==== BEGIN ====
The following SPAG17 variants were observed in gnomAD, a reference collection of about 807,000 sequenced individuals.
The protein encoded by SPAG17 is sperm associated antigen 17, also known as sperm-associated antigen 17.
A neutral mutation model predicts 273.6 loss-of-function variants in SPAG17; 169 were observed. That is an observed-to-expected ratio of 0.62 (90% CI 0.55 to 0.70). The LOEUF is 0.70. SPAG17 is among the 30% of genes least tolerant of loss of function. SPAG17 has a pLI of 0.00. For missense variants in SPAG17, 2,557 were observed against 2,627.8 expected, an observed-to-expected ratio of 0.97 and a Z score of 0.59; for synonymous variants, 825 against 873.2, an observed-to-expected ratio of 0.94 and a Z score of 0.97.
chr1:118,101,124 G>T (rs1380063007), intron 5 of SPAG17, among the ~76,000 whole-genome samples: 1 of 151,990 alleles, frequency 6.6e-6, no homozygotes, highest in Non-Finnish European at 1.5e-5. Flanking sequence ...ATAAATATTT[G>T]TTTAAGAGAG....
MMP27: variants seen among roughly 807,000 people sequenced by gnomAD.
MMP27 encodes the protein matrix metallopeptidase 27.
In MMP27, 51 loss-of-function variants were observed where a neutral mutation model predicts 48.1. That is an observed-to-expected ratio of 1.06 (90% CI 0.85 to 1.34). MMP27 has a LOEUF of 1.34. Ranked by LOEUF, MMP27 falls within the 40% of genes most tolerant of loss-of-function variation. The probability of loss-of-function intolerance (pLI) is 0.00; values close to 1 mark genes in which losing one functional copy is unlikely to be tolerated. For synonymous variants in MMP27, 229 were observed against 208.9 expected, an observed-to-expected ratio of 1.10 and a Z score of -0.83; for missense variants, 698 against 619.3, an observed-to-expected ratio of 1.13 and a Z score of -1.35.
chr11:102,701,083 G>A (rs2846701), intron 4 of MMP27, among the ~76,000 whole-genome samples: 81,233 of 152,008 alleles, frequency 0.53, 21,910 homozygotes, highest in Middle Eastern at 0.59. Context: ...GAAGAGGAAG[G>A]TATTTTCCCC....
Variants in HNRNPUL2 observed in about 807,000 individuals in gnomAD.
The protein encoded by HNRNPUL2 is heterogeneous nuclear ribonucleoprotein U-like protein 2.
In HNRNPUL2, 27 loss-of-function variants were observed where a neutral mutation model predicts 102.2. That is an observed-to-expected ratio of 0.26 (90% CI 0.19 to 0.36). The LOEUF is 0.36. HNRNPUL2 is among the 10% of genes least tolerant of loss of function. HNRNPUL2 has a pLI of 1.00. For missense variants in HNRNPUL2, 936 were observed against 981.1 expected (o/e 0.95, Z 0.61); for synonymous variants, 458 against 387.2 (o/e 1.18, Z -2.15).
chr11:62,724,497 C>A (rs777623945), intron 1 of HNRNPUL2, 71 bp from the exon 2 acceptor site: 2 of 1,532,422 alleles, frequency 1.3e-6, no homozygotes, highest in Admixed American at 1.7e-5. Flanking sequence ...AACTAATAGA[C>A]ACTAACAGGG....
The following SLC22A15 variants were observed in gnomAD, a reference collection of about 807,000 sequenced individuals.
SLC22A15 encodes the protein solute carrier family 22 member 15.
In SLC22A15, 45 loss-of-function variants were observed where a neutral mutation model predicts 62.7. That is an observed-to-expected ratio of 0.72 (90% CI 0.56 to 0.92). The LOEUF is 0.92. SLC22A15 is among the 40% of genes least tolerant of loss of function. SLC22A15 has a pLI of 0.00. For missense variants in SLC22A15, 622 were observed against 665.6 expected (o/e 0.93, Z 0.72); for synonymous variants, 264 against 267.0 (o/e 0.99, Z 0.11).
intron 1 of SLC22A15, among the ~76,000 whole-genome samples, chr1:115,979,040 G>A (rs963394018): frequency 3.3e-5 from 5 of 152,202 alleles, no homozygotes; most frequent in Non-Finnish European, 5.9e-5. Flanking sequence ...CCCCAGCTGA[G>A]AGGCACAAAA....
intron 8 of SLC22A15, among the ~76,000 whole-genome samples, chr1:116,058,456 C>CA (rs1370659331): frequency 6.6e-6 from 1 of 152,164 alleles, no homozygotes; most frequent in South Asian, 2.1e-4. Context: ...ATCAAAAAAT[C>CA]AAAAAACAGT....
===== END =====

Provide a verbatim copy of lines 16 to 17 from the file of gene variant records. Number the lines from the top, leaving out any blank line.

intron 1 of SLC22A15, among the ~76,000 whole-genome samples, chr1:115,979,040 G>A (rs963394018): frequency 3.3e-5 from 5 of 152,202 alleles, no homozygotes; most frequent in Non-Finnish European, 5.9e-5. Flanking sequence ...CCCCAGCTGA[G>A]AGGCACAAAA....
intron 8 of SLC22A15, among the ~76,000 whole-genome samples, chr1:116,058,456 C>CA (rs1370659331): frequency 6.6e-6 from 1 of 152,164 alleles, no homozygotes; most frequent in South Asian, 2.1e-4. Context: ...ATCAAAAAAT[C>CA]AAAAAACAGT....